Television: Danish politics, German war stories and Irish builders blowing the budget
‘Borgen’ returned, with the former prime minister making new starts amid familiar, nuanced themes
Political convictions: Sidse Babett Knudsen and Mikael Birkkjær in Borgen
There’s no goofing off on your phone while watching the brilliant Danish political drama Borgen (BBC Four, Saturday). It’s not just the subtitles, although if you miss one you could, unless your Danish extends beyond hej and tak, miss the whole point of a scene. (Really, we should be nearly fluent by now, there are so many standout Danish imports.) It’s that so much ground had to be made up in the first episode of the third series.
Two and half years had passed since Birgitte Nyborg (Sidse Babett Knudsen), the most fully realised female TV character in recent years, had been ousted as prime minister at the end of the last series. And, as the writers work on the basis that viewers don’t need everything spelled out, short, snappy scenes filled in the gaps and ended with Nyborg ditching her postpolitics career on the lucrative corporate-speaking circuit and setting up her own party. As the leader of a coalition government, her political convictions were tested and compromised in the last two series, so a new party should give her a blank whiteboard; symbolically, it was her first purchase for her shabby headquarters.
Her new press secretary, the TV journalist Katrine Fønsmark (Birgitte Hjort Sørensen), has had a baby, and the stress-filled scenes in which she tries to juggle her career with motherhood, such as the superbly nuanced bickering between her and her own mother, echo Nyborg’s struggles in the first two series. This theme is well thought through in Borgen.
Kasper Juul (Pilou Asbæk), a one-time spin doctor and the baby’s father, now sports a foppish hairdo and presents what looks like the most boring politics programme on television. He and the station’s head of news stand around a podium and discuss the events of the week. It’s really just a clunky device for the writers to explain the political background. The head of news, meanwhile, is struggling with a new boss, a slick young chap imported from cable TV, who is urging more good-news stories and less of the downbeat economic and political stuff. Borgen has already done the impossible by making coalition politics tense and intriguing. It just might do the same for the public-service broadcasting debate.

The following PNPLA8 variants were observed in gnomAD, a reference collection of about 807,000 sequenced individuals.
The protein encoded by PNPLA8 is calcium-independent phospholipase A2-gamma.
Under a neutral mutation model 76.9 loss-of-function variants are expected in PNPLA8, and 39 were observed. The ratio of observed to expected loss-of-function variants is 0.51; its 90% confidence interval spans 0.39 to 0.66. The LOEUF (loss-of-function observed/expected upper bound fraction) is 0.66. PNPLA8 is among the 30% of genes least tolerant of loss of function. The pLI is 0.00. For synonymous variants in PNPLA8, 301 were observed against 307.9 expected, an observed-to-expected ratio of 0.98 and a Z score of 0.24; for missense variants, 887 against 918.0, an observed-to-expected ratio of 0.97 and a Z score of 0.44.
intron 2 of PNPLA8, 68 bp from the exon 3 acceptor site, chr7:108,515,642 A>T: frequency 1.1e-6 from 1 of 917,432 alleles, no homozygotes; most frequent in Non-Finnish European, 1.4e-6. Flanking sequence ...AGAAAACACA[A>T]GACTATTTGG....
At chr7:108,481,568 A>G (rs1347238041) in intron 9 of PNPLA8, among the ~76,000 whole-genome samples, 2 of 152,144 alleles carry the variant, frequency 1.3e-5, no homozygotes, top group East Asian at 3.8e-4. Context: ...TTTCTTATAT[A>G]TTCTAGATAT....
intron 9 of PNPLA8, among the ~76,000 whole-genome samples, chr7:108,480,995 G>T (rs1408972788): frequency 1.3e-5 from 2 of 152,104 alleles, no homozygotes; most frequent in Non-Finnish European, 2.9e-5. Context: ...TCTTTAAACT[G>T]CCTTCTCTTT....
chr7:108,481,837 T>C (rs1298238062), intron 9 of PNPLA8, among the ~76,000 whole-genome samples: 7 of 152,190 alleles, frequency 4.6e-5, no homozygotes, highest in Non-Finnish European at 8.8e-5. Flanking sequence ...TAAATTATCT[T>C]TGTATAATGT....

There is one curiosity, though: the sleeker, more fashion-conscious Nyborg has acquired a British boyfriend. He’s an architect, and a bit dull, but the real problem is that he speaks English and so does Nyborg – perfectly and without an accent – when she is with him. It’s most disconcerting. If you were a cynic – and Borgen is about politics in a small country, so it does encourage it – you’d wonder whether it has to do with the success of the Danish drama in English-speaking countries, in the same way that Downton Abbey is rather fond of introducing random American characters to appeal to a US audience.
The slot that was recently home to Love/Hate has been filled with the easy-going makeover programme Room to Improve (RTÉ One, Sunday). It’s as if everyone needed to calm down with some chat about carpets and curtains after all that inner-city violence. Presented by the architect Dermot Bannon, it has a set trajectory: the clients have a dream, the builder grumbles about nice-guy Bannon, it goes over budget but no one minds, and at the end there’s a party in the new open-plan kitchen where everyone admires the giant windows.